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Longtime city employee Seward starts retirement today

Norwalk Reflector Staff • Oct 28, 2015 at 3:51 PM

City officials have called today a sad day. But for Ralph Seward, today is quite a happy birthday.

Today is Seward's first day of retirement and his 65th birthday, having served the city since February 1976.

He has been a staple of consistency amidst a flurry of changes in the last 30 years.

Starting as the city's construction inspector he outlasted: eight city engineers from 1976 to 1988 (when the city eliminated the position until 2007); seven mayors (six, if you only count Louis Frey once); and 10 safety-service directors.

Seward took on his current role as public works coordinator in 1984 and additional duties after the elimination of the city engineer position in 1988.

"It's been a good ride," he said Friday, his last day in the office.

Seward's duties are not always the most glorious roads and sewer construction but they affect many people in the city.

Work on water line replacements help provide residents with better fire and water service. Seward said he is most satisfied with the work the city has done to get many sewers separated, specifically the Milan-Chatman sewer because Cline Street residents' basements used to flood every time it rained.

"It was a great good for a great many people," he said.

People are what Seward will miss the most not just other city employees, but contractors as well.

"If you talk to contractors what they'll say is, 'I don't always agree with Ralph, but he's fair.' That's the key to working with people," he said.

Marvin Ott, field operations coordinator at Janotta & Herner, said he has never had a problem with Seward and he has indeed, always been fair.

"He's always been very helpful," Ott said. "He's always gone along and helped us and tried to make things happen."

Seward's replacement, city engineer James Sawyer, said he was sad Seward was leaving and had come to regard him as a "dear friend."

"I want to aspire to be as good as he's been for the city," Sawyer said. "Ralph's known throughout the community and outside everybody thinks very highly of him."

Norwalk Mayor Sue Lesch, like Sawyer, said she considered today a sad day and counted Seward as a friend.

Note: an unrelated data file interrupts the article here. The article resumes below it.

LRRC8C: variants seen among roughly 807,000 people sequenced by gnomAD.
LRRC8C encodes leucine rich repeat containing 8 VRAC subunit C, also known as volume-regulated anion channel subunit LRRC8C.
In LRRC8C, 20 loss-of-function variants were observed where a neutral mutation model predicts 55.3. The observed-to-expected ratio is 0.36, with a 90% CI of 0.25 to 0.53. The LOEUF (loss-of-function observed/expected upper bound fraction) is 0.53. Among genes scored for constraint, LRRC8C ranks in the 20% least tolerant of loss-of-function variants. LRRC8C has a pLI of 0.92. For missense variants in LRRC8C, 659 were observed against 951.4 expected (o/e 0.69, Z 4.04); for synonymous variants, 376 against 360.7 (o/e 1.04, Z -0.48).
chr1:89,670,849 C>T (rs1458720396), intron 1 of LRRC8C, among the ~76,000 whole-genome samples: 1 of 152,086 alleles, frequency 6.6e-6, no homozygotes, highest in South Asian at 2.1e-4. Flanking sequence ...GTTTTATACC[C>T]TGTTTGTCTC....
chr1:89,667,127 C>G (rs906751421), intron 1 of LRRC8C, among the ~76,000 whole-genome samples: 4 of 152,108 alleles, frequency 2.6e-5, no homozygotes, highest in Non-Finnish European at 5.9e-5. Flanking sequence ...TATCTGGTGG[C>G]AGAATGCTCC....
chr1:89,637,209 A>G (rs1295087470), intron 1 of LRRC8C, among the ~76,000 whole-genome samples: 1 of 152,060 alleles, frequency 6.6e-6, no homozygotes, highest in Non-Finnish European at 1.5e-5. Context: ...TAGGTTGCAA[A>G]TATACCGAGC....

"It scares me to have him out of here," she said. "He's come up with some creative solutions to difficult problems. But I'm happy for him. He deserves to retire."

Seward said he decided to move on when he turned 65 after he retired for the first time five years ago, staying on in the same position but as a "new" city employee.

"I want to do something else," he said. "But what that is I don't know."

One thing he will continue to do is play Santa. Seward, who grows a real, Santa-like beard every year, said today starts the beginning of his retirement and the end of his shaving at least until Dec. 26. "It gets full by Christmas time, but by then I'm so tired of it, I'm ready to get rid of it. But, it's all about the children," he said, adding while the beard will come back, the 38 pounds he dropped in the last two years will not.

Seward began playing Santa in 1997 for 600 children while on a medical mission with his wife, Penny, to the Philippines.

Penny, herself retired from Fisher-Titus Medical Center, owns a small business called Piano 42. The reason for the name: Both she and her husband were only children born in 1942, and he recently bought her a baby grand piano made in 1942.

Norwalk Finance Director Diane Eschen has helped Seward make plenty of purchases for the city. And while Seward has taken some good natured ribbing because of the expense of some of his projects, officials were quick to point out that they have all saved the city money in the long run.

"I just can't say enough about the wonderful job Ralph has done," Eschen said. "His knowledge and experience will be greatly missed."

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